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I would recommend you the following econometrics textbook Basics Econometrics, with a particular focus on multinomial logit / probit models. I guess the challenging part in your case will consist of specifying the exogenous variables, collecting data, before doing the computations. The latter being quick to perform. As far as I am concerned it's better to ...

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In fact there is at least one application, namely in the pricing of reversions. The simplest case of a reversion is where there is no ground rent, and where exclusive possession (including the right to sell the property, or to rent it out) is deferred to some future date. Practically, this means foregoing any income from the property until the reversion ...

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Fundamentals usually do not enter the parameters of GBM. But it depends on the purpose: if you want to price options, then the drift is the risk-less rate and volatility is implied from other traded derivatives. if you want to use GBM for risk management then you usually apply statistical methods for $\sigma^2$.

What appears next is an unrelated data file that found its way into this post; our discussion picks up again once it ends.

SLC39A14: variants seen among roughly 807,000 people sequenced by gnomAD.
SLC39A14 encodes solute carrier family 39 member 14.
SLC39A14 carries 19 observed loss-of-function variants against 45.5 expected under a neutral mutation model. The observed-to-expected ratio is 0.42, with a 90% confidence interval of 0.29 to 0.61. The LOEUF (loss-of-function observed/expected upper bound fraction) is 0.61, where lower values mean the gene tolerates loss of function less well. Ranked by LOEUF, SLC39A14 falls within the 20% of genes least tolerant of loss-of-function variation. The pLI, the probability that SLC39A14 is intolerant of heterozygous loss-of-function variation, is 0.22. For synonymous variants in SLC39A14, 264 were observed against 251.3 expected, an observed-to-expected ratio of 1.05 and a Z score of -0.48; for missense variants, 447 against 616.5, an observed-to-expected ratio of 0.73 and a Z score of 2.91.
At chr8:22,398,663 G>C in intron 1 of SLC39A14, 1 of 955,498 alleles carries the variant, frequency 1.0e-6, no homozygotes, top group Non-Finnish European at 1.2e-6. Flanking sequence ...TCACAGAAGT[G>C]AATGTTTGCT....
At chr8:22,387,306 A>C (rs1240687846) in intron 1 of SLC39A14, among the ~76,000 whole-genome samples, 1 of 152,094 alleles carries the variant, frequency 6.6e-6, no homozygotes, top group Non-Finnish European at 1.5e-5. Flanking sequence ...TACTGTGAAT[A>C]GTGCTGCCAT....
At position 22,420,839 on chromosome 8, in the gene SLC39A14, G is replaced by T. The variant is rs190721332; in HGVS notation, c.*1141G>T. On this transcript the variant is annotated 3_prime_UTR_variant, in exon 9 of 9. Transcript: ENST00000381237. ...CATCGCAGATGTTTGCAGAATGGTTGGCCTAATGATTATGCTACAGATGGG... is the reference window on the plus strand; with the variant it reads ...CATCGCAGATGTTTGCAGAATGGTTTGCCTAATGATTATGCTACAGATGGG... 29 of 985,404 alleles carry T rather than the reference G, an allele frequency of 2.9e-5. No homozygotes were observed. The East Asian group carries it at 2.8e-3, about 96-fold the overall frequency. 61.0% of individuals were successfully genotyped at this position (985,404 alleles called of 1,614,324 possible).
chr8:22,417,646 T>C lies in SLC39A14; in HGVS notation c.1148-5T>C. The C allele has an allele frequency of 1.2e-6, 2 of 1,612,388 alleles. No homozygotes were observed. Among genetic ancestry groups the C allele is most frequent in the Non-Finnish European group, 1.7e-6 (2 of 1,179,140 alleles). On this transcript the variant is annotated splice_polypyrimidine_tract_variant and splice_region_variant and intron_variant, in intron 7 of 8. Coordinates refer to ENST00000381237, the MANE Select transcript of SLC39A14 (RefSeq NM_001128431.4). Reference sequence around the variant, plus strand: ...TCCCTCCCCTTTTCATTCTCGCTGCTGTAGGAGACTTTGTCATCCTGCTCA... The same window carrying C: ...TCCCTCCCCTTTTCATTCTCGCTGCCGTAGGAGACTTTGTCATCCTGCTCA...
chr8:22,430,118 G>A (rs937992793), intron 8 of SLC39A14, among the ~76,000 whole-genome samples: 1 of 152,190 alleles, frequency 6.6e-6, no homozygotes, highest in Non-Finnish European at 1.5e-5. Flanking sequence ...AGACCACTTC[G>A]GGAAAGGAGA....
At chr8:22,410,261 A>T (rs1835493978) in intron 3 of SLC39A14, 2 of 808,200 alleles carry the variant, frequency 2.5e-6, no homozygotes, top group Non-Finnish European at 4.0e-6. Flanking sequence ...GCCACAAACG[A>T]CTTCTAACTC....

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It turns out that GBM with constant drift and constant volatility is not really used in real life. It is well known that volatility as well as drift may vary over time. Hence, if you want to use a model with time-varying parameters, you need to come up with a model to define $\mu_t$ and $\sigma_t$. There are classic models that use some mean-reverting ...

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It does not necessarily have to be using historical data (you could use implied volatilities for example), but indeed fundamental analysis is not taken into account in geometric Brownian motions: you just assume returns are normally distributed with some mean and volatility and it does not change in time. So if you want to "incorporate" fundamental analysis ...

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